If you compiled a New Zealand XI of players-who-never-took-themselves-too-seriously, Tony Blain would surely be skipper.
Few ex-players are as unaffected by fame which can come with the international cricket territory. Blain is one - his irreverent humour is infectious.
However, he came across a serious issue a few years back. He re-acquainted himself with Sharon, the woman he got engaged to after the 1986 England tour.
The relationship foundered in an age of extortionate international phone bills and no internet. Sharon wasn't sure she wanted to give up a solid job in the police to pursue a mullet-haired Kiwi to the other side of the world.
She wishes she had. The pair rekindled their romance and married on the shores of Lake Taupo in 2010.
They returned to live in Gomersal, a village 16km south-west of Headingley cricket ground, which is hosting the second test between New Zealand and England.
"I was always a bloody legend with the ladies," Blain ventures, "but I fell head over heels in love. In 1986, it turned to custard, we went our separate ways. Now, 27 years later it's domestic bliss, at least once I trained her to do the washing, the ironing and the dishes," he cackles, as Sharon chides him.
Blain is attending the test today and tomorrow (with his gear packed "just in case").
He's hosting a few mates. His plan is set: present his loyalty card at the Ugly Mugs Café opposite the ground, scoff a bacon and brown sauce 'banjo', then sit in the stands supping his tipple of choice - alcoholic ginger beer. He recently discovered after "years of perseverance" he was allergic to beer.
The 51-year-old first played for Gomersal cricket club in 1983. His career soon took off and he returned on his debut New Zealand tour in 1986. Blain was the understudy wicketkeeper to Ian Smith (as he was for much of his career) and enjoyed a "social" tour.
However, during the New Zealand Herald's December "Shame game" series, Blain saw the team teetering on the edge of dysfunction. Having clocked up 11 tests and 38 one-day internationals over eight years, he was well-placed to observe such things - he did so with the social interactions of the 1980s team in their pomp.
"It was a very odd do," he recalled of a tour which is trumpeted as a success with New Zealand's inaugural 1-0 series win. He said one of the young players became so disillusioned by the stand-offish behaviour and occasional hostility of others, that he preferred to travel alone in the kit van.
"1986 was a swansong for a lot of New Zealand cricketers. The only young bucks were myself, Stirlo [Derek Stirling], Rudder [Ken Rutherford], Willie [Watson], Brian [Barrett] and Hogan [Martin Crowe].
"[Richard] Hadlee was in his benefit season with Nottinghamshire so only played the internationals, Jerry [captain Coney] buried himself away writing his book, Turns [coach Glenn Turner] generally only joined the team on game days, and Chats [Ewen Chatfield] became manager after he broke his thumb and [original manager] Bob Vance got ill.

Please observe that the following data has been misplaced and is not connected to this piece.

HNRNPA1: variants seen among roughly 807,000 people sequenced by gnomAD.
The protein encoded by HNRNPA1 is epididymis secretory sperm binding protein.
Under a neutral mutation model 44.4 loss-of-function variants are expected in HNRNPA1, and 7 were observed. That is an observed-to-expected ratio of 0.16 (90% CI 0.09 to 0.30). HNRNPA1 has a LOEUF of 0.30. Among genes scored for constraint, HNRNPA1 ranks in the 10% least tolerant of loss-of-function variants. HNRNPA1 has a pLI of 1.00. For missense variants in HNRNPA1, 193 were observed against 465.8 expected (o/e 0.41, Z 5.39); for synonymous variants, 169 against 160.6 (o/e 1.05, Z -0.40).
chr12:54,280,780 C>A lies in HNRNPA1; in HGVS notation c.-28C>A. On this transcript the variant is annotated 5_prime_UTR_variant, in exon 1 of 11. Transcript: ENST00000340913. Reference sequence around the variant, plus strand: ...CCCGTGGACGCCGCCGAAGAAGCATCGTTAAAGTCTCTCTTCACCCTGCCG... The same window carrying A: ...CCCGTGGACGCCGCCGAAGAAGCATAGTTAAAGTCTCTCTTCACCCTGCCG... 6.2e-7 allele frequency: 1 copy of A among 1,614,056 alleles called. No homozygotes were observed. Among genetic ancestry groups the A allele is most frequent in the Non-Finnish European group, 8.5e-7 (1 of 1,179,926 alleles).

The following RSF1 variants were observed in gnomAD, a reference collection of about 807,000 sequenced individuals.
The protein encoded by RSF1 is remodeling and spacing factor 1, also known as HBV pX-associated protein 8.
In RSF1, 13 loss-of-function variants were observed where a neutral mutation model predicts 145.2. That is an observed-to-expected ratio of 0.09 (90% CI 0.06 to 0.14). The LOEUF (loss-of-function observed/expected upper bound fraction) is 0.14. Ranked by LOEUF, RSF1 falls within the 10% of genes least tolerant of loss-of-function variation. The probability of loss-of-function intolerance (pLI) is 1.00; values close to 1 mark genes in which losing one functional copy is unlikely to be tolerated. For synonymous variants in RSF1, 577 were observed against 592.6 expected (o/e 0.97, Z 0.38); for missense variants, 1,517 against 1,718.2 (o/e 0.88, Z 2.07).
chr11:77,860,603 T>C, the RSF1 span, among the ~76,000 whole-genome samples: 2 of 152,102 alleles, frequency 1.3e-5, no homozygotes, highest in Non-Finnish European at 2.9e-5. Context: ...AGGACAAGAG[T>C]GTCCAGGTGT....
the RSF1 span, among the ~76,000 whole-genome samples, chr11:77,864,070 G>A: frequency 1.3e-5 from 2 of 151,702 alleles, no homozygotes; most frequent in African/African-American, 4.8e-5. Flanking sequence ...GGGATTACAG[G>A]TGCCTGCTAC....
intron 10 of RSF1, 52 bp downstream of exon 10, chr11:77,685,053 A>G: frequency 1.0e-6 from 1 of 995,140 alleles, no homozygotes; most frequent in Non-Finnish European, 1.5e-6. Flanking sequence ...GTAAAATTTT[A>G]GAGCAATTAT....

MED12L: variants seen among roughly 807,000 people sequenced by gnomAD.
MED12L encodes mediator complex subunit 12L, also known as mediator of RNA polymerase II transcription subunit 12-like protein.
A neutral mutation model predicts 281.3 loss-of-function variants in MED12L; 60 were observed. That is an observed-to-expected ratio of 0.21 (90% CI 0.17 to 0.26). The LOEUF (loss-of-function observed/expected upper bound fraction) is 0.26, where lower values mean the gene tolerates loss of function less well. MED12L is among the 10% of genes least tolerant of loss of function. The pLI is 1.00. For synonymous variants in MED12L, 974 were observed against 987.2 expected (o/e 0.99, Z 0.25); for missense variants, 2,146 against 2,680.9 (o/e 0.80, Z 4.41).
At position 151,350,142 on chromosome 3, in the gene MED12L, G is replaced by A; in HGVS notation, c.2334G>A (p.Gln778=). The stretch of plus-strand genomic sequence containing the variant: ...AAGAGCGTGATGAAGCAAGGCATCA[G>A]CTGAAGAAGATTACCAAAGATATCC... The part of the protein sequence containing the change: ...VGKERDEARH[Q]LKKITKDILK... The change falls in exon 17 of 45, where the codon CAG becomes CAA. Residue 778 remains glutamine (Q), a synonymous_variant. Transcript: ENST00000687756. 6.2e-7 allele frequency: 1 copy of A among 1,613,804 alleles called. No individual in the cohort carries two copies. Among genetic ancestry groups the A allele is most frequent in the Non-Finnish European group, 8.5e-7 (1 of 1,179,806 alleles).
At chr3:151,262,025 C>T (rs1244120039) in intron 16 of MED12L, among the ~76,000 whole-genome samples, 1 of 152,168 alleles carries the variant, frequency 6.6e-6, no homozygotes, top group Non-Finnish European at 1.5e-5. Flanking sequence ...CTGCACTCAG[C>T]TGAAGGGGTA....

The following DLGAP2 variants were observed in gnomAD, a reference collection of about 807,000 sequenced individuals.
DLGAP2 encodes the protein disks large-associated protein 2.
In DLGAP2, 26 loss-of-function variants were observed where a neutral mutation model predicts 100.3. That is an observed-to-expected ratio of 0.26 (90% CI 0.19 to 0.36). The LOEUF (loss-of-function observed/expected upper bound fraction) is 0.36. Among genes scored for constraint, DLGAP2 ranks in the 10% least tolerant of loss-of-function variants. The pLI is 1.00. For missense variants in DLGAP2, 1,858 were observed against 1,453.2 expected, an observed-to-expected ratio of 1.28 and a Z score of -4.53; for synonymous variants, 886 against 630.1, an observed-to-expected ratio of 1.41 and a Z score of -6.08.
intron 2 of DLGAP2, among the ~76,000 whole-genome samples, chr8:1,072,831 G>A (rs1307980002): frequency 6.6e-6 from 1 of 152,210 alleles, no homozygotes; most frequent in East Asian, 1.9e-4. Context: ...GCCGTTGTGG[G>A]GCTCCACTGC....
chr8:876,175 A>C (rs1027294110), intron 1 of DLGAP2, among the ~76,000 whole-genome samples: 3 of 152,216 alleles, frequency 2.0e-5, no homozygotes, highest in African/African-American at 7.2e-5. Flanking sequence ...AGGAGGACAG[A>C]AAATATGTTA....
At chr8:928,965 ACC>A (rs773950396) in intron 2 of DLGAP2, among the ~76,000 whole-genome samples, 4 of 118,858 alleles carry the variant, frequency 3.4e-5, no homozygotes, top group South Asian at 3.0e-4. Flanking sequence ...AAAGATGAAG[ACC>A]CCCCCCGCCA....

"There was no team bonding. We were simply united by the silver fern."
A highlight of Blain's tour was his entrance as 12th man at Lord's when Willie Watson split his trousers on debut.
"All of sudden Willie appeared on the visitors' balcony with me. He'd just walked off and said 'they're waiting for you'. I looked down and saw the team gesticulating. I took off, but doing three flights of stairs in spikes is a hard act. Old diggers were yelling things like 'not that door'. As I raced through the Long Room I saw the sightscreen and realised I must be close, but I couldn't get out.
"I looked up, and I'm not kidding, there was a hand-written sign saying 'this door is closed on Tuesdays'. I was tricked because when a batsman or team walked out the sightscreens usually parted. My entrance didn't qualify.
"A mini-Mexican wave had started in the members' pavilion following my progress. I thought 'bugger this' and leapt the picket fence only to catch the slope. I had to start sprinting so I didn't fall over."
A qualified teacher, Blain used to moonlight over summer as commentator at Eden Park. His main media commitment now is a weekly 'Letter from Dewsbury' which is read on the Beige Brigade fansite podcast, a show he reveres for its "natural shabbiness". He teaches at a school in Bradford and estimates 94 per cent of his students are Pakistani.
"Once they find out I've played a bit of international cricket, teaching is a breeze. But try telling a 14-year-old I played in 1986. It may as well be 1833."
Weekends are the highlight. He opens the batting for the Gomersal second XI, still scores centuries and often tops the season scoring charts.
"We play at places like Pudsey St Lawrence which has a real Kiwi connection with photos of Martin Crowe, Mark Greatbatch, Simon Doull and Chris Pringle adorning the walls. The other day we were at a club called Farsley and [former England captain] Ray Illingworth was walking the boundary.
"There are purpose-built grounds, pavilions and scones for afternoon tea. It beats getting changed under a tree in New Zealand."